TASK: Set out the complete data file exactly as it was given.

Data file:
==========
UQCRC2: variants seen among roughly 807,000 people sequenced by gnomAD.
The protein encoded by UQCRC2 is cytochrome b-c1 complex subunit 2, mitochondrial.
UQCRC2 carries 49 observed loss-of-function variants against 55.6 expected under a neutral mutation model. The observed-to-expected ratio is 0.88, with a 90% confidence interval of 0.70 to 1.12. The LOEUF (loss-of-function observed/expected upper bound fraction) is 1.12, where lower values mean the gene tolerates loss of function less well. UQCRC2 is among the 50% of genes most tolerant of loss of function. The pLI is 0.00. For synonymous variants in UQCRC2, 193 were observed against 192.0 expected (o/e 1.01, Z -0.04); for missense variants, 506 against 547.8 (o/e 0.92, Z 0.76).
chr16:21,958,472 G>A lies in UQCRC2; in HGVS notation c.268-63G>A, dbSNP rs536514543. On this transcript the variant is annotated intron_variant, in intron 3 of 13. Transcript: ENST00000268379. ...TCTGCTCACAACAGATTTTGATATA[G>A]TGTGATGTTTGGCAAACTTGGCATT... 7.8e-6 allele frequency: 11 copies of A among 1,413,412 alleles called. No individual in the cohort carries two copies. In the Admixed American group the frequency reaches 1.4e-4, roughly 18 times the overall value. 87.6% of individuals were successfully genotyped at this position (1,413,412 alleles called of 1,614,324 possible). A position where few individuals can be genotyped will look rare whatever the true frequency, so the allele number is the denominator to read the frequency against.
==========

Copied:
UQCRC2: variants seen among roughly 807,000 people sequenced by gnomAD.
The protein encoded by UQCRC2 is cytochrome b-c1 complex subunit 2, mitochondrial.
UQCRC2 carries 49 observed loss-of-function variants against 55.6 expected under a neutral mutation model. The observed-to-expected ratio is 0.88, with a 90% confidence interval of 0.70 to 1.12. The LOEUF (loss-of-function observed/expected upper bound fraction) is 1.12, where lower values mean the gene tolerates loss of function less well. UQCRC2 is among the 50% of genes most tolerant of loss of function. The pLI is 0.00. For synonymous variants in UQCRC2, 193 were observed against 192.0 expected (o/e 1.01, Z -0.04); for missense variants, 506 against 547.8 (o/e 0.92, Z 0.76).
chr16:21,958,472 G>A lies in UQCRC2; in HGVS notation c.268-63G>A, dbSNP rs536514543. On this transcript the variant is annotated intron_variant, in intron 3 of 13. Transcript: ENST00000268379. ...TCTGCTCACAACAGATTTTGATATA[G>A]TGTGATGTTTGGCAAACTTGGCATT... 7.8e-6 allele frequency: 11 copies of A among 1,413,412 alleles called. No individual in the cohort carries two copies. In the Admixed American group the frequency reaches 1.4e-4, roughly 18 times the overall value. 87.6% of individuals were successfully genotyped at this position (1,413,412 alleles called of 1,614,324 possible). A position where few individuals can be genotyped will look rare whatever the true frequency, so the allele number is the denominator to read the frequency against.